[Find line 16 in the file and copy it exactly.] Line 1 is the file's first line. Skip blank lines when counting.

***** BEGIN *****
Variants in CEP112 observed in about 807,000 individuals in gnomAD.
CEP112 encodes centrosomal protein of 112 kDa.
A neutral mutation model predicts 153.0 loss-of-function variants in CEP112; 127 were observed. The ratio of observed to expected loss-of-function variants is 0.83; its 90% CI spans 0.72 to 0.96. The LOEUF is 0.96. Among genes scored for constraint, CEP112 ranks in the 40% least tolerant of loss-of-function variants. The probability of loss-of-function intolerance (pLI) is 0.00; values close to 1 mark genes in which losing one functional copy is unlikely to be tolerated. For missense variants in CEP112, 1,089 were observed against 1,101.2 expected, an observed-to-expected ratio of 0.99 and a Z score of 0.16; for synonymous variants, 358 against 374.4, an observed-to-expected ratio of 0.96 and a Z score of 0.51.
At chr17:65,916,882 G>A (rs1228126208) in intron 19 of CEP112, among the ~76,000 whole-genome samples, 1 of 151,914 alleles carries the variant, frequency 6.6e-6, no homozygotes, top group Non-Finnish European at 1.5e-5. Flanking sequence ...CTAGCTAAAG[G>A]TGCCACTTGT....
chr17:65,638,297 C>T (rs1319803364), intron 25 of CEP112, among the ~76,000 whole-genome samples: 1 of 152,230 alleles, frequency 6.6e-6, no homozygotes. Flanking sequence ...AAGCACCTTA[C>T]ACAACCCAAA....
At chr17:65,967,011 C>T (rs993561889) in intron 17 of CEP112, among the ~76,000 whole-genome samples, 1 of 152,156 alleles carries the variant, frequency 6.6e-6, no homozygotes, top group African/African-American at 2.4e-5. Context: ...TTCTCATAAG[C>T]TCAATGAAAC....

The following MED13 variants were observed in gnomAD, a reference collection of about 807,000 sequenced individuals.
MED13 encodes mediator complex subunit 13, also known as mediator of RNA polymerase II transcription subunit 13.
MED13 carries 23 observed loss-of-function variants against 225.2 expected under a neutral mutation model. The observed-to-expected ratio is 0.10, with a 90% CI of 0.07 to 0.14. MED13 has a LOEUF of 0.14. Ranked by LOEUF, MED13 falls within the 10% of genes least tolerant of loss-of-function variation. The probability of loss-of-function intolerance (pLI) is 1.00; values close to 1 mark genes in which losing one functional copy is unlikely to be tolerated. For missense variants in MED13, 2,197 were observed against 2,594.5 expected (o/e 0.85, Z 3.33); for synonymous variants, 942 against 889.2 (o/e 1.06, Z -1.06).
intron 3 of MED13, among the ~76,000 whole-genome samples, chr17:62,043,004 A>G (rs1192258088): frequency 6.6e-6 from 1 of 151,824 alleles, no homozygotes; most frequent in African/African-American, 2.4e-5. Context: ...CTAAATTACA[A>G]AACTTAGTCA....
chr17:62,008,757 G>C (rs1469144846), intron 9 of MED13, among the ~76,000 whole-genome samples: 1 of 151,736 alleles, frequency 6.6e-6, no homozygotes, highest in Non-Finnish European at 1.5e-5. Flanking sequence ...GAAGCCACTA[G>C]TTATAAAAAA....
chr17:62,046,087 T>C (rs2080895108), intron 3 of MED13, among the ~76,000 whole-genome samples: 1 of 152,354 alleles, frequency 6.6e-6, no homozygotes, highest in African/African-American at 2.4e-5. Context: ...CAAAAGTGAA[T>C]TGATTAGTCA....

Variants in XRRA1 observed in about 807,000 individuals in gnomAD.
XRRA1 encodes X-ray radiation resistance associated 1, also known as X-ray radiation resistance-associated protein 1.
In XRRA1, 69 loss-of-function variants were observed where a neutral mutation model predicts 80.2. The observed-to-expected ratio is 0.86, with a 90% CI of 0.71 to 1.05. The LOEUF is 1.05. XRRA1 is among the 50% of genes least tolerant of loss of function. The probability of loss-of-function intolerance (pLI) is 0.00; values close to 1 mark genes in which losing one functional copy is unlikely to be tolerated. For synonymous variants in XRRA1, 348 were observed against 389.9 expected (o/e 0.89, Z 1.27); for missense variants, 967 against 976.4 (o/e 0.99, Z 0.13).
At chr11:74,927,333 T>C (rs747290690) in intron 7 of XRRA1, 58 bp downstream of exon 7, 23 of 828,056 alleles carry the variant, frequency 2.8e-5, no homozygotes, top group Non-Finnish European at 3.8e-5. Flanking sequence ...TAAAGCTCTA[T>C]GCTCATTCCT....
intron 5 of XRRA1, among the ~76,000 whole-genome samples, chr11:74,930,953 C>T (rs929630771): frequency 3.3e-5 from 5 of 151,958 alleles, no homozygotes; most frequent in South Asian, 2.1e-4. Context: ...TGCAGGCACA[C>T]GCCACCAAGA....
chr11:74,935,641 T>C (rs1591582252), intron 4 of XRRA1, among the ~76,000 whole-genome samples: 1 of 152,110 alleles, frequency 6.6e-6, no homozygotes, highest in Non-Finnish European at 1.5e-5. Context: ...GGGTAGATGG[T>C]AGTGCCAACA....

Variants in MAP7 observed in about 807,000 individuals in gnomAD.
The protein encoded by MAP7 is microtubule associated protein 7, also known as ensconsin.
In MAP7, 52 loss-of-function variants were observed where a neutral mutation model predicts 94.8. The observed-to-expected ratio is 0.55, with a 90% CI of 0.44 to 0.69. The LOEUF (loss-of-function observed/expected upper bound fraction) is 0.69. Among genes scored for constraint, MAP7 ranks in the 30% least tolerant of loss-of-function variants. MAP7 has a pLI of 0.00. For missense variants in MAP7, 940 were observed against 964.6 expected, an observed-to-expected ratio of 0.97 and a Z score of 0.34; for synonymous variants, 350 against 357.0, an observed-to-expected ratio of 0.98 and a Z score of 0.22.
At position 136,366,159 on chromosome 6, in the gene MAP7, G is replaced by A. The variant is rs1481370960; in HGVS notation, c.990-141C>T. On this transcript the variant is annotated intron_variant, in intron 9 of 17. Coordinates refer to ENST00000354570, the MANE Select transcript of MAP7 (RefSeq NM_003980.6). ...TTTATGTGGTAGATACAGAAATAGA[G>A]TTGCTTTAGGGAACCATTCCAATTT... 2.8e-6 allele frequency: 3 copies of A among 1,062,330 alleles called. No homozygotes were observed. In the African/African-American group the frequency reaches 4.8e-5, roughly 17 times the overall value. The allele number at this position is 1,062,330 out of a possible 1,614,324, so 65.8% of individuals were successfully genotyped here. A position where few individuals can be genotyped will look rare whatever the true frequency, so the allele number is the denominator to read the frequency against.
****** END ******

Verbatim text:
At chr11:74,927,333 T>C (rs747290690) in intron 7 of XRRA1, 58 bp downstream of exon 7, 23 of 828,056 alleles carry the variant, frequency 2.8e-5, no homozygotes, top group Non-Finnish European at 3.8e-5. Flanking sequence ...TAAAGCTCTA[T>C]GCTCATTCCT....